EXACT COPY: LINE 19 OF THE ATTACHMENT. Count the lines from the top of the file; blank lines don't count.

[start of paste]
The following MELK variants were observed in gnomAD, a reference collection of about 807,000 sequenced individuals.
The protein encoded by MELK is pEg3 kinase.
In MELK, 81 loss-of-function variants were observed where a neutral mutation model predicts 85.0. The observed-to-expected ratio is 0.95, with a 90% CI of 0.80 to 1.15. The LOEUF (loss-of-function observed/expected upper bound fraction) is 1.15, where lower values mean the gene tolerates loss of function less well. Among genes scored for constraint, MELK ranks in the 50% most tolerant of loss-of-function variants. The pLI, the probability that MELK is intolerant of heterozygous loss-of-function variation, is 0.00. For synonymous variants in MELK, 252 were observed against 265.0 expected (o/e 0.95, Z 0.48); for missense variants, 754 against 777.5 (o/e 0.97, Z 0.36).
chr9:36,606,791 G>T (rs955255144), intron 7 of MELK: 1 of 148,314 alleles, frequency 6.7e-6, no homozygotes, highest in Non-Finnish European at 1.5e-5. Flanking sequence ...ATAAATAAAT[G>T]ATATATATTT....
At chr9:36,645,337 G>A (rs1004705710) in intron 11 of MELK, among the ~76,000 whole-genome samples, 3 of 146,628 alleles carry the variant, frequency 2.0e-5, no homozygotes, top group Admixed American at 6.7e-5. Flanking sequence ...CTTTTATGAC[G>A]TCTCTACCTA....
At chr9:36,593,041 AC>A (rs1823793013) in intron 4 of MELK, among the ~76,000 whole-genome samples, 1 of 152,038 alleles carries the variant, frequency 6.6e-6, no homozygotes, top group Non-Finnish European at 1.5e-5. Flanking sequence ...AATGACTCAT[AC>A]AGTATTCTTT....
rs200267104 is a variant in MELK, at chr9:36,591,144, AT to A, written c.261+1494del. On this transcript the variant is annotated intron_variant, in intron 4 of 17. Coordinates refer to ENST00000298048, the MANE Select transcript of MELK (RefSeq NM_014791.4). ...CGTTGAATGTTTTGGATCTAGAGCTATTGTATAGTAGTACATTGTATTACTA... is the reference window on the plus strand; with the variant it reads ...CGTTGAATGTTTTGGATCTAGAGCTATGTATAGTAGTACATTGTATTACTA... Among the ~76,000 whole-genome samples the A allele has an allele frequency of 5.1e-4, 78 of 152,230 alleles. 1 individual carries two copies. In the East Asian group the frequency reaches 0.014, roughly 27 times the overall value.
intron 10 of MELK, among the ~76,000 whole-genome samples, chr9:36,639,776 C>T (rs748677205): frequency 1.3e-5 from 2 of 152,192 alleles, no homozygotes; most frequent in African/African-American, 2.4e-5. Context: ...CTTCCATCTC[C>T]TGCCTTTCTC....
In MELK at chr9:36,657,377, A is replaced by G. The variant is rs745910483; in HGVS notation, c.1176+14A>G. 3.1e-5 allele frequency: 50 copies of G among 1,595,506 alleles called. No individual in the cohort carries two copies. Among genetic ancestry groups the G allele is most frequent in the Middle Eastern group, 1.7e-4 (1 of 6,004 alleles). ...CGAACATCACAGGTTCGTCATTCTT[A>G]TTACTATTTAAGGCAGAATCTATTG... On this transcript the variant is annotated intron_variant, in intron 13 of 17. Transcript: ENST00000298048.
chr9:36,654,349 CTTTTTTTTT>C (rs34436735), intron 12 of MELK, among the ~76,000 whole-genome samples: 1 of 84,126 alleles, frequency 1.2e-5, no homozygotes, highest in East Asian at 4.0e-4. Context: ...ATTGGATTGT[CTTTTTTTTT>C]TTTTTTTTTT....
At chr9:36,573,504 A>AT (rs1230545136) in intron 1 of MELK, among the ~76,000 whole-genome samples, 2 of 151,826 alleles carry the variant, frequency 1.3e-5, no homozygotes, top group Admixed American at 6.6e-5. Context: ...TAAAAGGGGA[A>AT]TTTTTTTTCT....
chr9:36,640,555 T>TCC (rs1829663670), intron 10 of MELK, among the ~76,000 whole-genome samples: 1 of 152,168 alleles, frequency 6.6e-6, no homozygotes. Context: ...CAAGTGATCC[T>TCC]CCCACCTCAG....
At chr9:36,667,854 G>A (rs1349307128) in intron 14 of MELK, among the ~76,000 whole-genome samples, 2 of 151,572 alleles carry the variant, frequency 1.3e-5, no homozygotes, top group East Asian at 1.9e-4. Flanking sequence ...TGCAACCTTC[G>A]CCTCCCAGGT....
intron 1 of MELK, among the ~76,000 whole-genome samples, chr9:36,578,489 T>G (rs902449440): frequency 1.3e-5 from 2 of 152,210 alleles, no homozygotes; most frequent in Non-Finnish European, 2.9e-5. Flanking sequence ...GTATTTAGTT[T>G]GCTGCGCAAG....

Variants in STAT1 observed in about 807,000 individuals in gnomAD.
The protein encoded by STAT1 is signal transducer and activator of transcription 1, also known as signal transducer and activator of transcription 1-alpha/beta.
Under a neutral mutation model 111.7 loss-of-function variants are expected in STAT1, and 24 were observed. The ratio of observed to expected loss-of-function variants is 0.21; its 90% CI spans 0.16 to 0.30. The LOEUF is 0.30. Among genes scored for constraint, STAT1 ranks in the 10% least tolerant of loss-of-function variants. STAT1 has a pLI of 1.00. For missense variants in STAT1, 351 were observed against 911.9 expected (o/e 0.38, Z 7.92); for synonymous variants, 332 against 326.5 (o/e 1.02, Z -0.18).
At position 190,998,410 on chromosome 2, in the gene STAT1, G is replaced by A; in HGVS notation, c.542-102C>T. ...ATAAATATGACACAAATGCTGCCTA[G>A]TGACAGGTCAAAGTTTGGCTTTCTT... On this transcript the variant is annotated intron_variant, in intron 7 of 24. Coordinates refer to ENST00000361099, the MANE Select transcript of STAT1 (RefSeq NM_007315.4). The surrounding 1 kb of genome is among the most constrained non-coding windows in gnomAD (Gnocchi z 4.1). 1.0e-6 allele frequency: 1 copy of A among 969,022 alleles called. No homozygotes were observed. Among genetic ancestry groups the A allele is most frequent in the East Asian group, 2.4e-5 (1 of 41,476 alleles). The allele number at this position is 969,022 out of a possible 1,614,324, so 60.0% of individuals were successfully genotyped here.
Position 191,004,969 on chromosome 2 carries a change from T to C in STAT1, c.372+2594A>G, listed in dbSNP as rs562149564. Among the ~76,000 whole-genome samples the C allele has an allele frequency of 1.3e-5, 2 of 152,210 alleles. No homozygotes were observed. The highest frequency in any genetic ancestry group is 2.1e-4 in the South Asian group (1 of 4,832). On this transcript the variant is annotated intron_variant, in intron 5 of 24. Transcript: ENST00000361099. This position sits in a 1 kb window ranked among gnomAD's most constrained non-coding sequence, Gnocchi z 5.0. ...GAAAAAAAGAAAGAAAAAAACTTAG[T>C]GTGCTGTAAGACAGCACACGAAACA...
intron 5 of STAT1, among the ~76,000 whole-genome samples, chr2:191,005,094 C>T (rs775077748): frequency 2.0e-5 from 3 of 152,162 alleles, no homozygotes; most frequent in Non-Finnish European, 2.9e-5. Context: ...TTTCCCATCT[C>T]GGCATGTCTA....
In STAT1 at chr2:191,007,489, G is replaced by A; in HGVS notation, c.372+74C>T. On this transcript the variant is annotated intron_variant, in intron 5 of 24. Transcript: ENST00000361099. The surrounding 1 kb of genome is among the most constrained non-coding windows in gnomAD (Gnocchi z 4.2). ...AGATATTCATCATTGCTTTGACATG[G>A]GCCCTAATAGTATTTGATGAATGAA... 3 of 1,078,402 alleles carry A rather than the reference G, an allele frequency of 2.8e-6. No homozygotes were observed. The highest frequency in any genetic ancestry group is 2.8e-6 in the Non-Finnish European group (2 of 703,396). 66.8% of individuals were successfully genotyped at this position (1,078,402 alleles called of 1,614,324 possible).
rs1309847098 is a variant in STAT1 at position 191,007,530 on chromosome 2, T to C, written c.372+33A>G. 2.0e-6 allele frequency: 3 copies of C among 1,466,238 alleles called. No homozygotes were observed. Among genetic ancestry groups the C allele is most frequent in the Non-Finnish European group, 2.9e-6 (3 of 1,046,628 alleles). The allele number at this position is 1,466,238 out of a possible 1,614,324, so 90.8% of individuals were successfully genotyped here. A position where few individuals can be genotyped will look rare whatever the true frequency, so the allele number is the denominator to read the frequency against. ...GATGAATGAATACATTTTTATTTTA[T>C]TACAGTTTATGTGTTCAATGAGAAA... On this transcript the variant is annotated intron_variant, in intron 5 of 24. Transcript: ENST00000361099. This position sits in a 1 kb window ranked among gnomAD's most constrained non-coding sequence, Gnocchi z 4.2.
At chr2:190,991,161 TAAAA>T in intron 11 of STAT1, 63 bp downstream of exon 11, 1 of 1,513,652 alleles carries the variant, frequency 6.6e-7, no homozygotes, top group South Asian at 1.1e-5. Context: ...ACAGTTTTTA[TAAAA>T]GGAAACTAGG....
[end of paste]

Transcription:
Position 191,004,969 on chromosome 2 carries a change from T to C in STAT1, c.372+2594A>G, listed in dbSNP as rs562149564. Among the ~76,000 whole-genome samples the C allele has an allele frequency of 1.3e-5, 2 of 152,210 alleles. No homozygotes were observed. The highest frequency in any genetic ancestry group is 2.1e-4 in the South Asian group (1 of 4,832). On this transcript the variant is annotated intron_variant, in intron 5 of 24. Transcript: ENST00000361099. This position sits in a 1 kb window ranked among gnomAD's most constrained non-coding sequence, Gnocchi z 5.0. ...GAAAAAAAGAAAGAAAAAAACTTAG[T>C]GTGCTGTAAGACAGCACACGAAACA...